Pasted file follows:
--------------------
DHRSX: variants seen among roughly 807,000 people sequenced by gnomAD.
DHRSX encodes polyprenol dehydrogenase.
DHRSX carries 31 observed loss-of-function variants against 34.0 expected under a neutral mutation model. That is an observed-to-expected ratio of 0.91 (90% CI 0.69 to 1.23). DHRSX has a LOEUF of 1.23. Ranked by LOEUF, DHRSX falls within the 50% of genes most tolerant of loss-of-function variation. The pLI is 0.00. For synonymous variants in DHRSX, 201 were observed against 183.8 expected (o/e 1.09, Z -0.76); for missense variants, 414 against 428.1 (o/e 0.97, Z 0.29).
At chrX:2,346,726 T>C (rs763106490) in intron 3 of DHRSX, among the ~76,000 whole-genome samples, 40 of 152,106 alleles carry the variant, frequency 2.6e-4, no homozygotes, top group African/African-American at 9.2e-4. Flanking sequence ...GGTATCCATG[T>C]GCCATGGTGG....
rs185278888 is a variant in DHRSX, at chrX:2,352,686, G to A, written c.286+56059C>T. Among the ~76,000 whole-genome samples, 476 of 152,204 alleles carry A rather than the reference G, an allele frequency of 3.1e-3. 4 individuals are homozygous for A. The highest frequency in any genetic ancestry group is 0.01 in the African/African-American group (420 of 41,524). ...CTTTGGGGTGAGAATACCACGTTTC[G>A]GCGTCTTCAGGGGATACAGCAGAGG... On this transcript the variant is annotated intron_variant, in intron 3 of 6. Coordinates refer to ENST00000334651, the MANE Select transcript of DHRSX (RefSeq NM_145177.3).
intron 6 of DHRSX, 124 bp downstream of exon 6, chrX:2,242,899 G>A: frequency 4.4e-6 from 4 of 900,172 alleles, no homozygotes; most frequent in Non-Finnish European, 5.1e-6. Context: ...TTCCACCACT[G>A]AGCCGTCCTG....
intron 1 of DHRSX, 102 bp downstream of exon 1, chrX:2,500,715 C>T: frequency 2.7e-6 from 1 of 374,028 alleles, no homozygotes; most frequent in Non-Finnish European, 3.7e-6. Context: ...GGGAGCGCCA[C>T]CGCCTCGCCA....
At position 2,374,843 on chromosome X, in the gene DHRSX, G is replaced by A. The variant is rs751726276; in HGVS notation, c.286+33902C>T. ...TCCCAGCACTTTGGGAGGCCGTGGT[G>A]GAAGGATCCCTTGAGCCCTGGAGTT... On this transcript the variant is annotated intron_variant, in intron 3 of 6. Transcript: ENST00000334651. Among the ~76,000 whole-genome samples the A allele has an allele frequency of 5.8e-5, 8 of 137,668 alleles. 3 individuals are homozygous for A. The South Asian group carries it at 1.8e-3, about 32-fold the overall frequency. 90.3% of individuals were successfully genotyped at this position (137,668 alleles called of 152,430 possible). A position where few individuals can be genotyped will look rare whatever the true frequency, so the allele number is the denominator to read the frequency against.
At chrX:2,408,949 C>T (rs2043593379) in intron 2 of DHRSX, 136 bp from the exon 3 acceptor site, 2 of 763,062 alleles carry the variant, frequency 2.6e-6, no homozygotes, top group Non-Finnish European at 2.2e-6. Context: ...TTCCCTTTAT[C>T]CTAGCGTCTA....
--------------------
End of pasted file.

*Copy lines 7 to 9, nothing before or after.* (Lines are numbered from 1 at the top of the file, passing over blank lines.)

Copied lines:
intron 1 of DHRSX, 102 bp downstream of exon 1, chrX:2,500,715 C>T: frequency 2.7e-6 from 1 of 374,028 alleles, no homozygotes; most frequent in Non-Finnish European, 3.7e-6. Context: ...GGGAGCGCCA[C>T]CGCCTCGCCA....
At position 2,374,843 on chromosome X, in the gene DHRSX, G is replaced by A. The variant is rs751726276; in HGVS notation, c.286+33902C>T. ...TCCCAGCACTTTGGGAGGCCGTGGT[G>A]GAAGGATCCCTTGAGCCCTGGAGTT... On this transcript the variant is annotated intron_variant, in intron 3 of 6. Transcript: ENST00000334651. Among the ~76,000 whole-genome samples the A allele has an allele frequency of 5.8e-5, 8 of 137,668 alleles. 3 individuals are homozygous for A. The South Asian group carries it at 1.8e-3, about 32-fold the overall frequency. 90.3% of individuals were successfully genotyped at this position (137,668 alleles called of 152,430 possible). A position where few individuals can be genotyped will look rare whatever the true frequency, so the allele number is the denominator to read the frequency against.
At chrX:2,408,949 C>T (rs2043593379) in intron 2 of DHRSX, 136 bp from the exon 3 acceptor site, 2 of 763,062 alleles carry the variant, frequency 2.6e-6, no homozygotes, top group Non-Finnish European at 2.2e-6. Context: ...TTCCCTTTAT[C>T]CTAGCGTCTA....